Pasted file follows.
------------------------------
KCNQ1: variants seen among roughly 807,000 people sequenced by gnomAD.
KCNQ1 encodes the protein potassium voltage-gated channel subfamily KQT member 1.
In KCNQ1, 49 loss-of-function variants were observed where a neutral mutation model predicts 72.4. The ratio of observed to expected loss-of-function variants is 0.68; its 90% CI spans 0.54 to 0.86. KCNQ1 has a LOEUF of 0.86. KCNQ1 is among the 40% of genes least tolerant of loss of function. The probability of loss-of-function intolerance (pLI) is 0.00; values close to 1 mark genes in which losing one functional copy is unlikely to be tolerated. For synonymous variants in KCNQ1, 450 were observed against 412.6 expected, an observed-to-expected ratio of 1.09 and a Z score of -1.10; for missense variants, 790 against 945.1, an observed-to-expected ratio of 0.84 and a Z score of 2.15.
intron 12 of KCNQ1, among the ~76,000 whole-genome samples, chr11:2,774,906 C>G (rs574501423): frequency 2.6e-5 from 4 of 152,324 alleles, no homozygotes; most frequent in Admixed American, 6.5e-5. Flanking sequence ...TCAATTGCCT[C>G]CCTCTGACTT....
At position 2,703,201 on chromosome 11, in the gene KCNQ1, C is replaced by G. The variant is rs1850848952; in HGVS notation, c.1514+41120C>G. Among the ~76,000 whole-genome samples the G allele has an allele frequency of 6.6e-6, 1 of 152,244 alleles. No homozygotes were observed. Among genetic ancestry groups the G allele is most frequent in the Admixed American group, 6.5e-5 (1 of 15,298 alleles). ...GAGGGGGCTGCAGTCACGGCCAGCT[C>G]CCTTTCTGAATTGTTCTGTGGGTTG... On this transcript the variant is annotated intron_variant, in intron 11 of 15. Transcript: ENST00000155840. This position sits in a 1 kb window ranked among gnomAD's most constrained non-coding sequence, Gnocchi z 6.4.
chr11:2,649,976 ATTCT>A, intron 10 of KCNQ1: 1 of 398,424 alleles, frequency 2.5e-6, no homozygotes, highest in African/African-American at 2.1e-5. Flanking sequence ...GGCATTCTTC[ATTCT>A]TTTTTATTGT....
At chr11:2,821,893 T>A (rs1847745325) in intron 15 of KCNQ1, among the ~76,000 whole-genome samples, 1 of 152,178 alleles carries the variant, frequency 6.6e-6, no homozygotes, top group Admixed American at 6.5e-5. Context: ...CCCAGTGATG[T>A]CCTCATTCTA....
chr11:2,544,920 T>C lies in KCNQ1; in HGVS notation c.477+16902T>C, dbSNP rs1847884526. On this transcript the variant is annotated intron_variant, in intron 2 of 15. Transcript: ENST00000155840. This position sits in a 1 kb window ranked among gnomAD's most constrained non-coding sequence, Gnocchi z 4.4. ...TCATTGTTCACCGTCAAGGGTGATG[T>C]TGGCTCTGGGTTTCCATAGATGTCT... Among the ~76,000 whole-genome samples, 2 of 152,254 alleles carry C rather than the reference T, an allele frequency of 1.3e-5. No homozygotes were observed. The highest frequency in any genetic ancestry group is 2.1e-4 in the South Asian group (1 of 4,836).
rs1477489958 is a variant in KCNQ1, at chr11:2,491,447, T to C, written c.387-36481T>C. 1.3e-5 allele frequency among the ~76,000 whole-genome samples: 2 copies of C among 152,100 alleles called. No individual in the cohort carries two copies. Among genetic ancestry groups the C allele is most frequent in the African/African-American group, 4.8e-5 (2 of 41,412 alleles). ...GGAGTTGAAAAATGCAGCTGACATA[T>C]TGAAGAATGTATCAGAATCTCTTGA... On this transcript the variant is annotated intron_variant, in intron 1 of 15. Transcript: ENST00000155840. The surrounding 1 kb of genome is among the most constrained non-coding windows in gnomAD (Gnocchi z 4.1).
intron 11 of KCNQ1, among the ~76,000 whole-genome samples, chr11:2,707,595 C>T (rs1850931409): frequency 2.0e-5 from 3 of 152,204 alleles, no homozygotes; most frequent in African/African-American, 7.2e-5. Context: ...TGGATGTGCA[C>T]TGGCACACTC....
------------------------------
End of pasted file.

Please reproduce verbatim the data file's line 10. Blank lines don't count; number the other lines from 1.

intron 11 of KCNQ1, among the ~76,000 whole-genome samples, chr11:2,707,595 C>T (rs1850931409): frequency 2.0e-5 from 3 of 152,204 alleles, no homozygotes; most frequent in African/African-American, 7.2e-5. Context: ...TGGATGTGCA[C>T]TGGCACACTC....